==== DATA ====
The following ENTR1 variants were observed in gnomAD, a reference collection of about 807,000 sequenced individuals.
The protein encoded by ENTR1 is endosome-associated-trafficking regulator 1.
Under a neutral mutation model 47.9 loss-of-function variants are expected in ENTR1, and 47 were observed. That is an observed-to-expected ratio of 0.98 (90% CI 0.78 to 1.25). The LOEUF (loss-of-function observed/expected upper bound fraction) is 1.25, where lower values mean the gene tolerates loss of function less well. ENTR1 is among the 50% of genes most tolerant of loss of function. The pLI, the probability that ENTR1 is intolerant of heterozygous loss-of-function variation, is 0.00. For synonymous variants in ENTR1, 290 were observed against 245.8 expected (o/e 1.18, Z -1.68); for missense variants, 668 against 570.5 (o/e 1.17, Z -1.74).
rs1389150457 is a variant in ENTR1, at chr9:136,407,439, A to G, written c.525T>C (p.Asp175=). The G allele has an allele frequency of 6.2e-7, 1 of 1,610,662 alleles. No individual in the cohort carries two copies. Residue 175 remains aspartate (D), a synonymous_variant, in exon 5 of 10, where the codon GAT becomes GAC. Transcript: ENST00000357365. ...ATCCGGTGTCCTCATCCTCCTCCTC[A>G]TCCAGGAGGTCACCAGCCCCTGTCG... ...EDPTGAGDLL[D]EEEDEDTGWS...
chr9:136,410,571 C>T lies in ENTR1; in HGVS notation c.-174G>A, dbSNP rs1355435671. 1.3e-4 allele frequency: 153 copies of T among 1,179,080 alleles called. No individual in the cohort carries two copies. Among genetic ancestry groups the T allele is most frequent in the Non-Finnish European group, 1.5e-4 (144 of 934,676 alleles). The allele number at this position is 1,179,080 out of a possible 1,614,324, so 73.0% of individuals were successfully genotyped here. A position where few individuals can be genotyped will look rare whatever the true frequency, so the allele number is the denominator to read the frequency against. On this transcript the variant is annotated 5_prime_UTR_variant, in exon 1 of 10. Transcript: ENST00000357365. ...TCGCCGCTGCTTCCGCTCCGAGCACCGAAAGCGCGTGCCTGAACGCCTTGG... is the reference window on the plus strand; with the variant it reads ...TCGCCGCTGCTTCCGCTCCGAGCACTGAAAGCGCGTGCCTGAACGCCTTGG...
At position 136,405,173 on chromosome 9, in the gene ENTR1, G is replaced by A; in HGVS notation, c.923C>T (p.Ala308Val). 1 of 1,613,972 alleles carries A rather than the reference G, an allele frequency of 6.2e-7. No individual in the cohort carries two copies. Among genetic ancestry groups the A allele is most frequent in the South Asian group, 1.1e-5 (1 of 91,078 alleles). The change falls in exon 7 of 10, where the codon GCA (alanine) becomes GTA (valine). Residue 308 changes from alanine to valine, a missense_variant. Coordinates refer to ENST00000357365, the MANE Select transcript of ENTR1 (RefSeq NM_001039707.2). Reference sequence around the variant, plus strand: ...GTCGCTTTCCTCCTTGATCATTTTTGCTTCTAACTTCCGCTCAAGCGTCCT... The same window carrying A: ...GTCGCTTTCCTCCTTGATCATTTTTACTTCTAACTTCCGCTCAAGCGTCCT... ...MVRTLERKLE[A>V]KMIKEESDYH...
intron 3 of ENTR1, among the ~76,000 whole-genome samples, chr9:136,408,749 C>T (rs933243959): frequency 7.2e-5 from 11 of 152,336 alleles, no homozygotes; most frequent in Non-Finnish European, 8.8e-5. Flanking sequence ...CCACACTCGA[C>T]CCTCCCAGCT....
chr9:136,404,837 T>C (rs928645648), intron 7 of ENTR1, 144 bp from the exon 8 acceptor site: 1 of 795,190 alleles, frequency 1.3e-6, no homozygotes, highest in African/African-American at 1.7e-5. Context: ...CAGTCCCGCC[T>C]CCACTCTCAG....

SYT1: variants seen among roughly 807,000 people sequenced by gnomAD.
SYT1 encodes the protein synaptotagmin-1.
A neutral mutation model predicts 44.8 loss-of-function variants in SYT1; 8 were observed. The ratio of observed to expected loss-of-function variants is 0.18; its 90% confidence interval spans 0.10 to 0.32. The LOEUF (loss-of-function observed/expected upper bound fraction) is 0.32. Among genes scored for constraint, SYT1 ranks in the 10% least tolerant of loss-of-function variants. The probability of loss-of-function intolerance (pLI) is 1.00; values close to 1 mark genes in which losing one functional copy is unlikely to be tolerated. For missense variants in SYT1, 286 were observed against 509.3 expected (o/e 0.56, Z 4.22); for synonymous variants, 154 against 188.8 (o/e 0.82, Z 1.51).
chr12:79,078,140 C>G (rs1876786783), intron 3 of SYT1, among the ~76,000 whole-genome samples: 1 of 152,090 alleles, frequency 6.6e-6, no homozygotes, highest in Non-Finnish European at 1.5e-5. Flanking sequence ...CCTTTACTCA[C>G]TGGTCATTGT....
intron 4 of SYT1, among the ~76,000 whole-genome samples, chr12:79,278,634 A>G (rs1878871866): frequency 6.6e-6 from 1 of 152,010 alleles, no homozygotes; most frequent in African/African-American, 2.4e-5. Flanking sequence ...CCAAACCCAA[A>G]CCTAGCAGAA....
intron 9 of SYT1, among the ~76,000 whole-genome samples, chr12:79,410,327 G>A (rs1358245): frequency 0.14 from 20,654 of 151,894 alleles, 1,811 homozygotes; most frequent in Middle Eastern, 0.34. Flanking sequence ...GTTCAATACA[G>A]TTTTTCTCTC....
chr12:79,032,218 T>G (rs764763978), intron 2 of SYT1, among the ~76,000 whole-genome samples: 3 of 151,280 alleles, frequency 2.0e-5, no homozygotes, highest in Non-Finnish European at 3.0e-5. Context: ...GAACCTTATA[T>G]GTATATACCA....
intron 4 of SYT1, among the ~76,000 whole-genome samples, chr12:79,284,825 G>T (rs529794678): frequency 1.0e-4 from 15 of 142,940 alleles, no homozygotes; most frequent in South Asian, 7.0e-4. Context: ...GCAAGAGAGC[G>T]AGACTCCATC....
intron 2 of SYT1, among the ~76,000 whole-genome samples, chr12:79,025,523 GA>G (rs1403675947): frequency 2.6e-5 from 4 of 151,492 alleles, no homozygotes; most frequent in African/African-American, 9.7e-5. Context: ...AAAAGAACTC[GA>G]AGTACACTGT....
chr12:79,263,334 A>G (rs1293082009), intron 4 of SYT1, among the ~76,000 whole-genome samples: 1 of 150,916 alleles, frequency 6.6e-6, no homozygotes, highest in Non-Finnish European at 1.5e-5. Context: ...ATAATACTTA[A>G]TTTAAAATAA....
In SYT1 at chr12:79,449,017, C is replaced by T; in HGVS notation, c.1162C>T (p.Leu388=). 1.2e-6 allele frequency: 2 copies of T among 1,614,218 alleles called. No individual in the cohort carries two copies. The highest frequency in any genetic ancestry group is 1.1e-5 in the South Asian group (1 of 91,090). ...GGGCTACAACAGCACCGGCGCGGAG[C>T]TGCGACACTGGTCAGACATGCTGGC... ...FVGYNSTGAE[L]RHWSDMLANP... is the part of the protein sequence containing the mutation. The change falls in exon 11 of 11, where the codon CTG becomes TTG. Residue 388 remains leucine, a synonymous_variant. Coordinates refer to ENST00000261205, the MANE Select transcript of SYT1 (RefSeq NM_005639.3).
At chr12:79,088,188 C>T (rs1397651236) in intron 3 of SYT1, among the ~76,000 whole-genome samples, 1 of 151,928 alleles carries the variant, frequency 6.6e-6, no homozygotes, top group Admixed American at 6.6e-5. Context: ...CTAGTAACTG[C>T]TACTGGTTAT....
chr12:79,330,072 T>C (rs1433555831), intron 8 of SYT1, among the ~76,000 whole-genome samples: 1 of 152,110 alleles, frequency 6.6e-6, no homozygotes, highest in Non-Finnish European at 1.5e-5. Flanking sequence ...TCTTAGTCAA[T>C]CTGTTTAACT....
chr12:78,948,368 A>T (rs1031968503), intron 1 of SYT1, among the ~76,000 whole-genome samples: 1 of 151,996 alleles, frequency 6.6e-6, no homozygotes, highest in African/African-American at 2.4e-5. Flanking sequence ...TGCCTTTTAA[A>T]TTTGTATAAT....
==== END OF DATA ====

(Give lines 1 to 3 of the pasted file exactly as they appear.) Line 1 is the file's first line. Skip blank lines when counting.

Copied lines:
The following ENTR1 variants were observed in gnomAD, a reference collection of about 807,000 sequenced individuals.
The protein encoded by ENTR1 is endosome-associated-trafficking regulator 1.
Under a neutral mutation model 47.9 loss-of-function variants are expected in ENTR1, and 47 were observed. That is an observed-to-expected ratio of 0.98 (90% CI 0.78 to 1.25). The LOEUF (loss-of-function observed/expected upper bound fraction) is 1.25, where lower values mean the gene tolerates loss of function less well. ENTR1 is among the 50% of genes most tolerant of loss of function. The pLI, the probability that ENTR1 is intolerant of heterozygous loss-of-function variation, is 0.00. For synonymous variants in ENTR1, 290 were observed against 245.8 expected (o/e 1.18, Z -1.68); for missense variants, 668 against 570.5 (o/e 1.17, Z -1.74).